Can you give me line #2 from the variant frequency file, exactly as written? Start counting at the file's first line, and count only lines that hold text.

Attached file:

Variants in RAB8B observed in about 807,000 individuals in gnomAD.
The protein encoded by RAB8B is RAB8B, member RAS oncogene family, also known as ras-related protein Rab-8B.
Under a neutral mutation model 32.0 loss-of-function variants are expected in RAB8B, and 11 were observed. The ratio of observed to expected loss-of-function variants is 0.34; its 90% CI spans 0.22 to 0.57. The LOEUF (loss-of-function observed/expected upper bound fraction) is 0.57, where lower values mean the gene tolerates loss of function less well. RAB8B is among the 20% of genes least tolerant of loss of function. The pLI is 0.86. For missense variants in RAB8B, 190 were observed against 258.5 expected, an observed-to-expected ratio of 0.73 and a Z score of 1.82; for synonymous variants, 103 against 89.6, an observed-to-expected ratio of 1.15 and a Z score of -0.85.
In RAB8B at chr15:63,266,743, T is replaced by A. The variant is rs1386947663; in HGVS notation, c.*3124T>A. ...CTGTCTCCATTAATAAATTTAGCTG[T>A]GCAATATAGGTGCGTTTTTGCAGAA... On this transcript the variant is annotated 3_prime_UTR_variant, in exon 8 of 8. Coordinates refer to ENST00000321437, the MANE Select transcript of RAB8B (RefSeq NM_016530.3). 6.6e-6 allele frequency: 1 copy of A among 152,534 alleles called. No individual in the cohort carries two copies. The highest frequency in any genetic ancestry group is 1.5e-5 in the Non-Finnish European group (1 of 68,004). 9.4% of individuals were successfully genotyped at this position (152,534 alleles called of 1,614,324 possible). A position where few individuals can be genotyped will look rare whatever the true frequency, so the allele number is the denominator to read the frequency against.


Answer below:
The protein encoded by RAB8B is RAB8B, member RAS oncogene family, also known as ras-related protein Rab-8B.